Luke addressed both the Gospel of Luke and the Book of Acts to Theophilus.
Luke [Luke 1:3] and Acts [Acts 1:1] were both written to a man named Theophilus. It was a common name among both Romans and Jews at that time, so there’s little we can know about him for certain. He would have lived at the time Luke wrote, which was somewhere between AD 40 and AD 64.
- Possible identities:
- Coptic (Egyptian) tradition says that he was a Jew, from Alexandria.
- Titus Flavius Sabinus, a Roman prefect who had become a Christian.
- He may have been Paul’s lawyer in Rome.
- Because “Theophilus” means “lover of God”, some have suggested that Luke didn’t write to an individual at all.
- Theophilus ben Ananus, high priest of the temple at Jerusalem between AD 37 and AD 42. He was a kohen (descended from Aaron, Moses’ brother) and a Sadducee. He was the son of Annas and the brother-in-law of Caiaphas and, as a result, grew up in the Jewish Temple.
If Luke wrote to Theophilus ben Ananus, it would explain parts of the Gospel of Luke. The evidence seems to fit. Luke begins with Zacharias, the righteous priest (a kohen), who had a vision at the Temple. He tells of Mary’s purification and Jesus’ redemption rituals at the Temple. He tells of Jesus teaching at the Temple at the age of twelve. Theophilus may have known this story, as Annas (his father) was likely high priest at that time. Note how prominently the Temple figures. While Matthew and John both mention Caiaphas’ role in Jesus trial, Luke makes no mention at all, which might suggest that he was looking to avoid conflict. He also emphasizes Jesus’ physical resurrection, which may have been written to specifically counter the Sadducees’ teaching that there is no resurrection of the dead.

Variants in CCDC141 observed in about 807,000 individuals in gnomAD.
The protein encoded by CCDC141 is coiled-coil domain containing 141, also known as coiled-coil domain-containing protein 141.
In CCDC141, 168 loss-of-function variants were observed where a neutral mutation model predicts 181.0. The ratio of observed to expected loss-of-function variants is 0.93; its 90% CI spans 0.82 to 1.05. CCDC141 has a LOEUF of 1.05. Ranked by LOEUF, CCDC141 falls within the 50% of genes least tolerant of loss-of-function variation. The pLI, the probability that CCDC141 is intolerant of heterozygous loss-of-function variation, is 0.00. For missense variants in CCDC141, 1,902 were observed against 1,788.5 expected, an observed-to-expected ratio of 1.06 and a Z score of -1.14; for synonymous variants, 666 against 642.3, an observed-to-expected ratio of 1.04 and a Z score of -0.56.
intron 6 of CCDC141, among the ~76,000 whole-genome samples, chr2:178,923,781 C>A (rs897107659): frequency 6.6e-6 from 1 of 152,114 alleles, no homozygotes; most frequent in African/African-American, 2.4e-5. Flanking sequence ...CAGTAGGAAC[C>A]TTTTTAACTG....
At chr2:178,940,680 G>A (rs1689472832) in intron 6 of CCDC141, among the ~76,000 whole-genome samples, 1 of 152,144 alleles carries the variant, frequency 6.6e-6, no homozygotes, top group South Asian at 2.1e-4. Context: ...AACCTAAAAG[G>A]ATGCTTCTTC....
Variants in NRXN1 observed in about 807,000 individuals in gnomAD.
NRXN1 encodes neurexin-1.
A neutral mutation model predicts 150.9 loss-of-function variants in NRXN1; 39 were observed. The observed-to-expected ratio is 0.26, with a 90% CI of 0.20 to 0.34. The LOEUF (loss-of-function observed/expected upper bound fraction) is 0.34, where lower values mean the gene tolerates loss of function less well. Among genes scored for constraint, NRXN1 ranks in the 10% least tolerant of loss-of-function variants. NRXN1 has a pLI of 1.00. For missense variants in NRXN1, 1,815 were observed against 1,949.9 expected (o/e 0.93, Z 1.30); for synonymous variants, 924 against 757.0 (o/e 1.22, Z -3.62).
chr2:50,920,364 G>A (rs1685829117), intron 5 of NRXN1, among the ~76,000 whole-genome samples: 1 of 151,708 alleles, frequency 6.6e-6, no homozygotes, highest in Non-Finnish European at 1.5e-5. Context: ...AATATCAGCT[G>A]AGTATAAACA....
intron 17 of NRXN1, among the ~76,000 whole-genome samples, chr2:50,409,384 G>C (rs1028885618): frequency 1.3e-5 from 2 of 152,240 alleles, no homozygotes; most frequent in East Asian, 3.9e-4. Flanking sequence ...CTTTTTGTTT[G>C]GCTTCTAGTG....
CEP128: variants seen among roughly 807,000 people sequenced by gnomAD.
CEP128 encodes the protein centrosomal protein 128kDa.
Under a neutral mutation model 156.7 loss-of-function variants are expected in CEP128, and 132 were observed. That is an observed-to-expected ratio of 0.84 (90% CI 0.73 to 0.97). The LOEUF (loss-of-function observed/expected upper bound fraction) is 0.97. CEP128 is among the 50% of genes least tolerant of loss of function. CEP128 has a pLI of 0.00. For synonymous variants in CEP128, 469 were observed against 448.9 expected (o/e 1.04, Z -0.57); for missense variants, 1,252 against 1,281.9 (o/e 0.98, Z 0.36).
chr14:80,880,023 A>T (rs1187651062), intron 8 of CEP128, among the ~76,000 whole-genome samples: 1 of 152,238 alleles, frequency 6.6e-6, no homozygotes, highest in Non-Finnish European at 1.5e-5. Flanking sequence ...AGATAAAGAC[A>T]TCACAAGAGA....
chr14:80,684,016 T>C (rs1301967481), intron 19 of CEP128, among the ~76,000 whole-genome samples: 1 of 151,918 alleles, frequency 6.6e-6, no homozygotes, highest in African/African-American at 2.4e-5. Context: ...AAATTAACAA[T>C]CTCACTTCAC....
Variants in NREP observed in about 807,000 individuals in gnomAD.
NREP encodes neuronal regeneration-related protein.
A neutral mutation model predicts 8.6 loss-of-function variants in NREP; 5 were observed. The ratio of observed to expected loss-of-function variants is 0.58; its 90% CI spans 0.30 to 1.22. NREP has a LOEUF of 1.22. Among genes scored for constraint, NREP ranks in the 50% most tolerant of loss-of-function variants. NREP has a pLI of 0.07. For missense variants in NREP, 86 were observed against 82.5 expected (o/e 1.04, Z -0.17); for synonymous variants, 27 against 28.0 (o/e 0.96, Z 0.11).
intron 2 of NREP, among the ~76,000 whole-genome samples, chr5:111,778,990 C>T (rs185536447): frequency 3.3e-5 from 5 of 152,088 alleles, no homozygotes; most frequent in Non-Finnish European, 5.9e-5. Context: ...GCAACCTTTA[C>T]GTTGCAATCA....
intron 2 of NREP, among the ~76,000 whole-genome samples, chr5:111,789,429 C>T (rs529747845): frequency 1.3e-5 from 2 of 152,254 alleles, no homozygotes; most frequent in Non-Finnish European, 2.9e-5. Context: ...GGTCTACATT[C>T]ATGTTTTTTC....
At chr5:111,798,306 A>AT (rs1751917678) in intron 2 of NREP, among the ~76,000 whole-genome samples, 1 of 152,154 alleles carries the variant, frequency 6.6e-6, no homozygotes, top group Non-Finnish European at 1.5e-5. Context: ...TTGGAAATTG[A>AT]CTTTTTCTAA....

In the end, we really don’t know who Luke’s Theophilus was.